Getting my TW200 ready for Moab
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Thread: Getting my TW200 ready for Moab

  1. #1
    Senior Member simbaboy's Avatar
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    Getting my TW200 ready for Moab

    Hello Friends,

    I got a 2007 TW200 last year for my wife and she loves it. It already has a few mods (larger tank, a rear rack, jumbo shield, ATV rear tire), but I would like to use it on some slick rock trails out there (Fins N Things, Slickrock, Hell's Revenge). So I started getting it ready.

    The shifter was a little bent so I put in a new from IMS. It works great. It already has a Protaper handle bars. On smooth roads it runs great.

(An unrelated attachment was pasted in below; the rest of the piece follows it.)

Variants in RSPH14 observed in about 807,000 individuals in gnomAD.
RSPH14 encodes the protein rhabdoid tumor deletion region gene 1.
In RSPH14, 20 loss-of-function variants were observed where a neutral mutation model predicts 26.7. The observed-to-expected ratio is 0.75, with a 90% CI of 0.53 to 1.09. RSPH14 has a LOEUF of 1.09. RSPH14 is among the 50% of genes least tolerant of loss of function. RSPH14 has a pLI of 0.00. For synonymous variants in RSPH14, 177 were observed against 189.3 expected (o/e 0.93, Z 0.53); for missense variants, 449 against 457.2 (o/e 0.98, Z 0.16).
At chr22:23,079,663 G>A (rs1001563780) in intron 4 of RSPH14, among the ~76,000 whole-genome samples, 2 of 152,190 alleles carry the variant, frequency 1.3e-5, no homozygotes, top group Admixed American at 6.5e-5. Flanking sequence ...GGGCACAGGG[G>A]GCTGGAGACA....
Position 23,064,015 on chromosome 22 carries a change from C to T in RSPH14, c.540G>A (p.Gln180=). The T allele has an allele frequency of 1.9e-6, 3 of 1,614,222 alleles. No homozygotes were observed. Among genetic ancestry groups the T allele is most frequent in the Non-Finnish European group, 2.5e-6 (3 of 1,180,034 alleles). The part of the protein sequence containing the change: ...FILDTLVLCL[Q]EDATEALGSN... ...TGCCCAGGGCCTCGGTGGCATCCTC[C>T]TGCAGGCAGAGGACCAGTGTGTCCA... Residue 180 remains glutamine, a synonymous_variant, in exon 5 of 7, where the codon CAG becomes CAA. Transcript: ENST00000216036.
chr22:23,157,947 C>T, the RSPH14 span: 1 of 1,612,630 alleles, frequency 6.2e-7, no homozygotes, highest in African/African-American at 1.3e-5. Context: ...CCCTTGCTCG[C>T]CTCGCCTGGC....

But here in Michigan we have a ton of pot holes. Even the most little bumps make my teeth chatter. The suspension is the only weakness I have seen on the bike. My wife has no complaints, but I am a big guy at @235#. I also ride a little fast on unpaved roads at about 45-50 MPH so I feel every little bump.
    1. Is changing the front fork oil easy and advisable or will I mess something else up?
    2. What is the heaviest weight fork oil you would put on?
    3. I will tackle the rear with a heavier duty rear spring when I come back.

    TIA,
    Simba

  2. #2
    Senior Member simbaboy's Avatar
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    I think adding a spacer may be the easiest and quickest way to go. I have done this to my KLR650 so I think I can do it.
    Are these the steps?
    1. Raise front end.
    2. Remove fork cap on one side. Add appropriate size spacer--PVC pipe or metal washers. Tighten cap. Repeat on the other side.